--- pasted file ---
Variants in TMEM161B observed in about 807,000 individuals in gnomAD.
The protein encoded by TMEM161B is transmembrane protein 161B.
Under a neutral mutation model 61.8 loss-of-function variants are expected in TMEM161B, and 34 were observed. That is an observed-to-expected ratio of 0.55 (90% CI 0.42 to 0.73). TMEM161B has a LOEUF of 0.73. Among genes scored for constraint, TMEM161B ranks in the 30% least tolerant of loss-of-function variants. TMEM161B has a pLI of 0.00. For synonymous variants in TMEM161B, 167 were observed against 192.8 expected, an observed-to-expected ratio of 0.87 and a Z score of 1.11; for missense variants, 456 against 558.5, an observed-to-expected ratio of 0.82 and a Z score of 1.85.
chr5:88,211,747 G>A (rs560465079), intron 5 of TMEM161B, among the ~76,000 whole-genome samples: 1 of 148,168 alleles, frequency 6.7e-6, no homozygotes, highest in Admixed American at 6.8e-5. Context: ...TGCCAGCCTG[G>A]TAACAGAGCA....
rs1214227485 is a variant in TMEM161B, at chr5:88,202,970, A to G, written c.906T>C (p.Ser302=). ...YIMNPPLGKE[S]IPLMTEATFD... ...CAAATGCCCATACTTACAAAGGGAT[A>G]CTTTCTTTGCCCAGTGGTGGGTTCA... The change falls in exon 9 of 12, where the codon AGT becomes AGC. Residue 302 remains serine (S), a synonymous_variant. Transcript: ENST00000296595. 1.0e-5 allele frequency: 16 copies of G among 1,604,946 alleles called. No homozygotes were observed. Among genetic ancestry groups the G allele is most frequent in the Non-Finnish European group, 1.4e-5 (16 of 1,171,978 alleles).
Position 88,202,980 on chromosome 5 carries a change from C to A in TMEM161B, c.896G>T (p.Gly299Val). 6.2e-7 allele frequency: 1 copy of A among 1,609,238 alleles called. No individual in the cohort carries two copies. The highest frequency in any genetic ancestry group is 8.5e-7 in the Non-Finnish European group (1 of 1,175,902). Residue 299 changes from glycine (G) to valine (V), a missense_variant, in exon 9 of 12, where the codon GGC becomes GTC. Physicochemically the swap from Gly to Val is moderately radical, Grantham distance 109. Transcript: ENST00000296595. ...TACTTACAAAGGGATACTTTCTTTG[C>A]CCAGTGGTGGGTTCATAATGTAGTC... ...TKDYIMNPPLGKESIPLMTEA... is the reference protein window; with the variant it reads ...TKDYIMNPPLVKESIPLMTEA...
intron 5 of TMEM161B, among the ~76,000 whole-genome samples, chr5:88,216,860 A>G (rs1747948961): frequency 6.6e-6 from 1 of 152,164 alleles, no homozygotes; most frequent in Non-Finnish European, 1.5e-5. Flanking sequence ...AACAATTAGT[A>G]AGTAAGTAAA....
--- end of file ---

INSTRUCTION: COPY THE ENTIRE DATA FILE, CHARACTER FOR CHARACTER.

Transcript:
Variants in TMEM161B observed in about 807,000 individuals in gnomAD.
The protein encoded by TMEM161B is transmembrane protein 161B.
Under a neutral mutation model 61.8 loss-of-function variants are expected in TMEM161B, and 34 were observed. That is an observed-to-expected ratio of 0.55 (90% CI 0.42 to 0.73). TMEM161B has a LOEUF of 0.73. Among genes scored for constraint, TMEM161B ranks in the 30% least tolerant of loss-of-function variants. TMEM161B has a pLI of 0.00. For synonymous variants in TMEM161B, 167 were observed against 192.8 expected, an observed-to-expected ratio of 0.87 and a Z score of 1.11; for missense variants, 456 against 558.5, an observed-to-expected ratio of 0.82 and a Z score of 1.85.
chr5:88,211,747 G>A (rs560465079), intron 5 of TMEM161B, among the ~76,000 whole-genome samples: 1 of 148,168 alleles, frequency 6.7e-6, no homozygotes, highest in Admixed American at 6.8e-5. Context: ...TGCCAGCCTG[G>A]TAACAGAGCA....
rs1214227485 is a variant in TMEM161B, at chr5:88,202,970, A to G, written c.906T>C (p.Ser302=). ...YIMNPPLGKE[S]IPLMTEATFD... ...CAAATGCCCATACTTACAAAGGGAT[A>G]CTTTCTTTGCCCAGTGGTGGGTTCA... The change falls in exon 9 of 12, where the codon AGT becomes AGC. Residue 302 remains serine (S), a synonymous_variant. Transcript: ENST00000296595. 1.0e-5 allele frequency: 16 copies of G among 1,604,946 alleles called. No homozygotes were observed. Among genetic ancestry groups the G allele is most frequent in the Non-Finnish European group, 1.4e-5 (16 of 1,171,978 alleles).
Position 88,202,980 on chromosome 5 carries a change from C to A in TMEM161B, c.896G>T (p.Gly299Val). 6.2e-7 allele frequency: 1 copy of A among 1,609,238 alleles called. No individual in the cohort carries two copies. The highest frequency in any genetic ancestry group is 8.5e-7 in the Non-Finnish European group (1 of 1,175,902). Residue 299 changes from glycine (G) to valine (V), a missense_variant, in exon 9 of 12, where the codon GGC becomes GTC. Physicochemically the swap from Gly to Val is moderately radical, Grantham distance 109. Transcript: ENST00000296595. ...TACTTACAAAGGGATACTTTCTTTG[C>A]CCAGTGGTGGGTTCATAATGTAGTC... ...TKDYIMNPPLGKESIPLMTEA... is the reference protein window; with the variant it reads ...TKDYIMNPPLVKESIPLMTEA...
intron 5 of TMEM161B, among the ~76,000 whole-genome samples, chr5:88,216,860 A>G (rs1747948961): frequency 6.6e-6 from 1 of 152,164 alleles, no homozygotes; most frequent in Non-Finnish European, 1.5e-5. Flanking sequence ...AACAATTAGT[A>G]AGTAAGTAAA....